The Profession of Optometry
Optometrists are the major providers of primary vision care as independent, primary health care providers who examine, diagnose, treat, and manage diseases and disorders of the visual system, the eye and associated structures as well as diagnose related systemic conditions. They prescribe medications to treat eye diseases and perform certain surgical procedures. Optometrists also do testing to determine the patient's ability to focus and coordinate the eye, judge depth perception, and see colors accurately. The scope of optometry requires a knowledge of the therapeutic and rehabilitative methods used to care for the problems of vision from infancy through old age.
The profession of optometry originated following a tremendous surge in demand for corrected vision with the advent of the electric light around 1880. Early refractionists were located in jewelry stores because of the materials and craftsmanship required for the fabrication and repair of eye wear. For the profession to become established, each state had to pass an optometry bill; the first law regulating the practice of optometry was enacted in Minnesota in 1901 and the last in 1924, when the District of Columbia bill was signed by President Calvin Coolidge.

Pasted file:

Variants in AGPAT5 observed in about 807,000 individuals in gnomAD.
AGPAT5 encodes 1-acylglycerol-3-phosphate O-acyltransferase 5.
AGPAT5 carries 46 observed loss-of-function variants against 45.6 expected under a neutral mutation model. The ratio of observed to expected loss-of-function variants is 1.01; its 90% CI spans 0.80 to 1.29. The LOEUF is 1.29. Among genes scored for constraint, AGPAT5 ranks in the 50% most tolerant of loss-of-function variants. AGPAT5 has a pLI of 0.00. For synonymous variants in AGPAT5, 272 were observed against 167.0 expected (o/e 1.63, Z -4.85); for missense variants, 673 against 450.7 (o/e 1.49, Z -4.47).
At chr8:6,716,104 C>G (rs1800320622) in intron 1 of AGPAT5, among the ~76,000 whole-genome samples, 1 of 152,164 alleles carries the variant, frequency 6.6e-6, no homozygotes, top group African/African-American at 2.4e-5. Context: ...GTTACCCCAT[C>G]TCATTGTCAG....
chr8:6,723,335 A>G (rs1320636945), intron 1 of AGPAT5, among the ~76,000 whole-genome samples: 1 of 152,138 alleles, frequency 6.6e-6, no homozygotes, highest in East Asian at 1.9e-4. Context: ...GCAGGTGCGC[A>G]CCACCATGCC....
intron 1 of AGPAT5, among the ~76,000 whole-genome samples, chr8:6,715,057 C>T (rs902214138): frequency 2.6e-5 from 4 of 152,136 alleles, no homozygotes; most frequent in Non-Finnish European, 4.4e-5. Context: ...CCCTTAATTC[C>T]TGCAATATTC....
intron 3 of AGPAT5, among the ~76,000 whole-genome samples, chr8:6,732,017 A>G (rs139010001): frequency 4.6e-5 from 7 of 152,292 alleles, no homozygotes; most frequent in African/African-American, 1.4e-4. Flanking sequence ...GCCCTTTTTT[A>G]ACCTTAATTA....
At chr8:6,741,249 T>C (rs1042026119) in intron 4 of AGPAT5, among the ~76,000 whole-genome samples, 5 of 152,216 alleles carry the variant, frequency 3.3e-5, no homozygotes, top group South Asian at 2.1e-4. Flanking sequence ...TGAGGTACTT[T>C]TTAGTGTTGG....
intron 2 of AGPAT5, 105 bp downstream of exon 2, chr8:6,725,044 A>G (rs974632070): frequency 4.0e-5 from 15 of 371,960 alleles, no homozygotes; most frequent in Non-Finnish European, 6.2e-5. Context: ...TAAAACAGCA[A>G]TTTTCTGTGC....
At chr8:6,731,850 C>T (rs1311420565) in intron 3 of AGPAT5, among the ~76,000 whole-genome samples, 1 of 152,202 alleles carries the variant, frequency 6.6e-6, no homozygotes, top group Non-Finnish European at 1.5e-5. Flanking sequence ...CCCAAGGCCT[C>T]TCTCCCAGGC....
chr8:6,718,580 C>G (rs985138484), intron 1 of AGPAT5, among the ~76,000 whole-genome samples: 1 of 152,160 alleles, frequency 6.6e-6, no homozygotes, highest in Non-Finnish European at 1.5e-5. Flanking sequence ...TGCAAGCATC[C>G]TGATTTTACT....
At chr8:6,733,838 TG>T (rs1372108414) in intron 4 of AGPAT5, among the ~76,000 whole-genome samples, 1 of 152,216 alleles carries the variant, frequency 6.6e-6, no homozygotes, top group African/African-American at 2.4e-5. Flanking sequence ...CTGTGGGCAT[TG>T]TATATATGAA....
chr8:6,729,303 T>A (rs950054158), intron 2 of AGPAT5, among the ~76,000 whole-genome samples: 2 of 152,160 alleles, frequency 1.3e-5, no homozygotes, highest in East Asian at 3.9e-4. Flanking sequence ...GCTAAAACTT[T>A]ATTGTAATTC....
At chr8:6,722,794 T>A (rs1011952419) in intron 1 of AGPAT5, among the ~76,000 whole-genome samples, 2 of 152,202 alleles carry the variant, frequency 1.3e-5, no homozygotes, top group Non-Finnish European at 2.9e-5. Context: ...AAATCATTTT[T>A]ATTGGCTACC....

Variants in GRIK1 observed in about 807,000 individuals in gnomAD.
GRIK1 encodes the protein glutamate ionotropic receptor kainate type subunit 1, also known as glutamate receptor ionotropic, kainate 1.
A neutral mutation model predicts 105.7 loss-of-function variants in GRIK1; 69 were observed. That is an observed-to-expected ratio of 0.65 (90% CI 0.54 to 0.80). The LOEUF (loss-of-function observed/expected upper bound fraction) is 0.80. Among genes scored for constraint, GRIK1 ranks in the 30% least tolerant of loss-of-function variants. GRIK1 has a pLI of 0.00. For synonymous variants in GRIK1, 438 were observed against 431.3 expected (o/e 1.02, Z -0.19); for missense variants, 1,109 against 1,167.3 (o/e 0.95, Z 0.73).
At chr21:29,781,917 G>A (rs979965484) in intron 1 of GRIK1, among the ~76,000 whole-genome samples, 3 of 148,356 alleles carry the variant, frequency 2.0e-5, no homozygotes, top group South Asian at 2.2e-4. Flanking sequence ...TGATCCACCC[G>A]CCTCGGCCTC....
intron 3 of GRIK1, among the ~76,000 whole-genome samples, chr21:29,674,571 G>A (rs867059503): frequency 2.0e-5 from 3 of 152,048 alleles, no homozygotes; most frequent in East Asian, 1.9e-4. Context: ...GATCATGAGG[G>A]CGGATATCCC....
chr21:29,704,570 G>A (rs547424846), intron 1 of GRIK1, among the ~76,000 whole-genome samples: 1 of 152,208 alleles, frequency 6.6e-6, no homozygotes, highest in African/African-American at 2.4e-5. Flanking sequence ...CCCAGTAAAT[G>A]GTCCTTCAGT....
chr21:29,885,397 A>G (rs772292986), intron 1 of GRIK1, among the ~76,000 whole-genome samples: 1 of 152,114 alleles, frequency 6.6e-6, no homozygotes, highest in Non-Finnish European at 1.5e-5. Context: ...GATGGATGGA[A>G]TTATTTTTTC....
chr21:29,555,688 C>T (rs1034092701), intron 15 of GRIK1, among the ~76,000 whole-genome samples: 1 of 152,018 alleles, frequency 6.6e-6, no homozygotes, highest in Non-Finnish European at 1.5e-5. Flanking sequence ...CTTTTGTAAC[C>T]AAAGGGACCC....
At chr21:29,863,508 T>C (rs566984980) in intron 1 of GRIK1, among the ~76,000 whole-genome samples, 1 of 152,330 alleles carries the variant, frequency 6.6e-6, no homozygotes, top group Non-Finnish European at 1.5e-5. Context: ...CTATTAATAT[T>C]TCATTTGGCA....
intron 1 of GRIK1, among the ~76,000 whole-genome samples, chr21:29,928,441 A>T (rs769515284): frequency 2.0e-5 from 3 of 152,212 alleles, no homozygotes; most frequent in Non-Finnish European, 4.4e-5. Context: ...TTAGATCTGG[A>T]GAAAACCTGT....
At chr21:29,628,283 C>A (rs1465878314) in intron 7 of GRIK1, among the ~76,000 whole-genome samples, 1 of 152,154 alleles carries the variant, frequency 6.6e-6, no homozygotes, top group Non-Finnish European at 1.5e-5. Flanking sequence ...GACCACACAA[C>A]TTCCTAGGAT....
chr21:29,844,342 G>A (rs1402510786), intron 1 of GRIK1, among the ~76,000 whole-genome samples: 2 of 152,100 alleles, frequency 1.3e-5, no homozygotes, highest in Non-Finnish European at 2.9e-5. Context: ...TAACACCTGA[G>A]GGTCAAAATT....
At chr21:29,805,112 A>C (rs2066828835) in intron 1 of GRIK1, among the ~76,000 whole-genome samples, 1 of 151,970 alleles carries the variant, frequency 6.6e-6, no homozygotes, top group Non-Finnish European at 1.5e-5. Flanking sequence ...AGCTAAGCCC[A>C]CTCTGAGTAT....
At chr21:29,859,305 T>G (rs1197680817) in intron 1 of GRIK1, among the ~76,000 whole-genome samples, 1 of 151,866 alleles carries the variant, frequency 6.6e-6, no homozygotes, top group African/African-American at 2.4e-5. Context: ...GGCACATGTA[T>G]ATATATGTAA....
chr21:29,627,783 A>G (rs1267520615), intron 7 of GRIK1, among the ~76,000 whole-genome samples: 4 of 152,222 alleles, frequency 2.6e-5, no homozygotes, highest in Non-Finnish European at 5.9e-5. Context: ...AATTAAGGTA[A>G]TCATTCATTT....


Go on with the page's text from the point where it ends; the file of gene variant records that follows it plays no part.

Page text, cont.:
As primary health care professionals, optometrists frequently determine the presence of systemic diseases of the human body, such as diabetes, hypertension, and arteriosclerosis, that not only affect vision but are associated with substantial patient morbidity. When an eye examination reveals systemic disease, or the need for surgery, the optometrist will frequently engage in co-management of the condition, in cooperation with the appropriate health-care professional.
Optometry is the nation's third largest independent health-care profession. Today there are approximately 30,000 licensed optometrists with about 28,000 involved in direct patient care; nearly one-quarter of these are reaching retirement age. The need for optometrists will be further augmented by an increasing demand for optometric services. More than 130 million persons in the United States currently wear some form of eyewear. It is estimated that nearly one-half of the remainder of the population has the need of vision care services.
The optometry curriculum is a four-year, post baccalaureate professional-level program leading to the Doctor of Optometry, O.D., degree. Structured like the other health professions of medicine and dentistry, the first year is devoted to the didactic study of basic health sciences, including optics, and, by the fourth year, the course of study is totally clinical in nature.
The practice of optometry offers independence, flexibility, and diversity, and optometrists may choose to practice in inner cities, suburbs or rural areas. Opportunities exist in solo or group practices, multidisciplinary practice, health maintenance organizations, clinical or hospital settings, and government within the Public Health Service, Department of Veterans Affairs and all branches of the military service. Teaching and research offer added opportunities.